ReelBob: ‘The Night Before’
By Bob Bloom
“The Night Before” opens with a promising premise that quickly descends into the usual comic holiday cacophony of lowbrow, banal and tedious sex, drug and dick jokes.
The movie stars Joseph Gordon-Levitt, Seth Rogen and Anthony Mackie as Ethan, Isaac and Chris, three childhood friends united more deeply by a tragedy — the death of Ethan’s parents.
On Christmas Eve that year, Isaac and Chris decide to help bolster Ethan’s spirits by taking him out and doing the town — bingeing on drugs and drink. The event soon becomes an annual tradition that continues for a decade, even after Isaac marries and Chris becomes a famous athlete and social-media star.
But this Christmas, the revelry will be their last because Isaac’s wife is about to have their first baby and Chris’ career is taking off.
Ethan, though, is still adrift, having been dumped by his girlfriend because he refused to meet her parents.
The trio wants to end the night on a high note by finding the locale of the fabled Nucracka Ball, a legendary holiday party that is supposed to be the most awesome in the city.
Luckily, Ethan, working at a preholiday party, is able to cop three ticket to the event. And so the night of debauchery begins.
The movie plays like a steroid-driven, drug-fueled version of “A Christmas Carol,” with Michael Shannon along for the ride as Mr. Green, who portrays a drug-dealing combination of the ghosts of Christmas past, future and present.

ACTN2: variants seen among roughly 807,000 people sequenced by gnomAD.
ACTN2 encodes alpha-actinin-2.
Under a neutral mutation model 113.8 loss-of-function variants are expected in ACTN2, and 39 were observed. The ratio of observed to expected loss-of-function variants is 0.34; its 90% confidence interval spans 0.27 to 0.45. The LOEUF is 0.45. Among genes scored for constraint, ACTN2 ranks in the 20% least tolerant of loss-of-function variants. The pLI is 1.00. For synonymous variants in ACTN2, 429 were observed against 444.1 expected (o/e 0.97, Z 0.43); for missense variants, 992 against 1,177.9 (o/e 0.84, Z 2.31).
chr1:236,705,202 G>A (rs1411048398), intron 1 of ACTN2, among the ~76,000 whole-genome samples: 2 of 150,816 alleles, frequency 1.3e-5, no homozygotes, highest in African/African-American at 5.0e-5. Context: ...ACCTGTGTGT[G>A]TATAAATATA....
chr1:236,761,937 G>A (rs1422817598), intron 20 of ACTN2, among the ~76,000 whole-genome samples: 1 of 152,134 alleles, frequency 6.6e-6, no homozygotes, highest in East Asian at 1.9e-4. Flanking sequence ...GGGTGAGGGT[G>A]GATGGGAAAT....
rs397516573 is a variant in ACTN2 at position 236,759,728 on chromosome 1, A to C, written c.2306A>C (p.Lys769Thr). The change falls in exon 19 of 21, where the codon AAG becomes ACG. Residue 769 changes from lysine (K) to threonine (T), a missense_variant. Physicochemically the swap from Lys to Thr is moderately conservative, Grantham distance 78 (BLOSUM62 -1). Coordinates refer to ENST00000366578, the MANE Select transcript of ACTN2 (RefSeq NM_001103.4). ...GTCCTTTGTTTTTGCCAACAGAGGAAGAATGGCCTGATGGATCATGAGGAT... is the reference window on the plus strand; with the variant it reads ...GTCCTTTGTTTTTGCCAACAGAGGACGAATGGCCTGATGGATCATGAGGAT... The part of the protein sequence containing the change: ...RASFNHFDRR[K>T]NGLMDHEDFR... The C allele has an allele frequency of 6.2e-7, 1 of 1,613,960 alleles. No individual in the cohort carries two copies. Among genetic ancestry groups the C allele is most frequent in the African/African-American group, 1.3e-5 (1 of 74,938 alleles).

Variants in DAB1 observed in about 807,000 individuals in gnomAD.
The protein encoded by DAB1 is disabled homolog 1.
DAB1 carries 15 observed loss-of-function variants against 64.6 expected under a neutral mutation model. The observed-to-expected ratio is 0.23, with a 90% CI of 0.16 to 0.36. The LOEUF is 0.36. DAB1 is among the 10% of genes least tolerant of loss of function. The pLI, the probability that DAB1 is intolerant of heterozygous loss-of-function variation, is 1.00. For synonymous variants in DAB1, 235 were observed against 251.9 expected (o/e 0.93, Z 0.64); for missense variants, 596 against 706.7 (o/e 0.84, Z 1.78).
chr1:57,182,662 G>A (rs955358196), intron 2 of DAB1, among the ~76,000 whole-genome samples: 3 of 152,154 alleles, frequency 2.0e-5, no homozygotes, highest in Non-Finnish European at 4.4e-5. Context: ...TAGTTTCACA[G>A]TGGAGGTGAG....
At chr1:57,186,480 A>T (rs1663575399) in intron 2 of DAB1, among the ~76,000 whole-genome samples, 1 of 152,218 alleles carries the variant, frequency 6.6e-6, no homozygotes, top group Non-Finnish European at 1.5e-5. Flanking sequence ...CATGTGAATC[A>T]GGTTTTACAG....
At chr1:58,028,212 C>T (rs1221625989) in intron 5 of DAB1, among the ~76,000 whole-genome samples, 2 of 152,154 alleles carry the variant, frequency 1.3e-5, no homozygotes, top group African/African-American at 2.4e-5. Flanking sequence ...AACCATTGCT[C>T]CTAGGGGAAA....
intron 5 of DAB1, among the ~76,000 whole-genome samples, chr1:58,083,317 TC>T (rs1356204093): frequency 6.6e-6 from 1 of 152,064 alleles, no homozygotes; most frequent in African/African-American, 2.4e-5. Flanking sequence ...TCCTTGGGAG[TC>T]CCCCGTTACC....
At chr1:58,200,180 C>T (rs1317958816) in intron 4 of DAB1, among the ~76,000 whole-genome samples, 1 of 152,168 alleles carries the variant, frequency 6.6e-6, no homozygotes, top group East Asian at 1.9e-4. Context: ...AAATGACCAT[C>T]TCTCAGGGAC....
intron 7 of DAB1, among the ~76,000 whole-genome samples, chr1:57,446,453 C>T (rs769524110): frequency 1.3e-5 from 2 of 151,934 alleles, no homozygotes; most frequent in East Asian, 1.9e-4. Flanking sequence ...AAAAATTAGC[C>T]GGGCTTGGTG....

“The Night Before” is filled with laughs, but they are vulgar, crude and sophomoric.
For a film that is supposed to be about the holiday spirit, “The Night Before” is rife with selfish and self-centered behavior by its major protagonists who, at times, seem to be friends simply because the script says so.
None of the actors seems to try making his character likable: Gordon-Levitt mopes around, feeling sorry for himself; Rogen shamelessly overacts the effects of the various drugs he has ingested and Mackie simply struts around and emits an arrogant and conceited vibe.
The rest of the characters are simply props for the trio to play off of.
I may sound like a Scrooge, but “The Night Before” falls into that genre of movie that uses Christmas as a plot device to excuse overindulgence and outrageous behavior. Then it tries to smooth over the nonsense with a Hallmark card-like bromide at the finale as if to make us forget or forgive everything that happened before the fade-out.
To that, I say, “Bah, humbug.”
Bloom is a member of the Indiana Film Journalists Association. His reviews appear at ReelBob (reelbob.com) and The Film Yap (filmyap.com). He also reviews Blu-rays and DVDs. He can be reached by email at firstname.lastname@example.org or on Twitter @ReelBobBloom. Other reviews by Bloom can be found at Rottentomatoes: www.rottentomatoes.com.
THE NIGHT BEFORE
1½ stars out of 4
(R), language, drug use, sexual situations, nudity, violence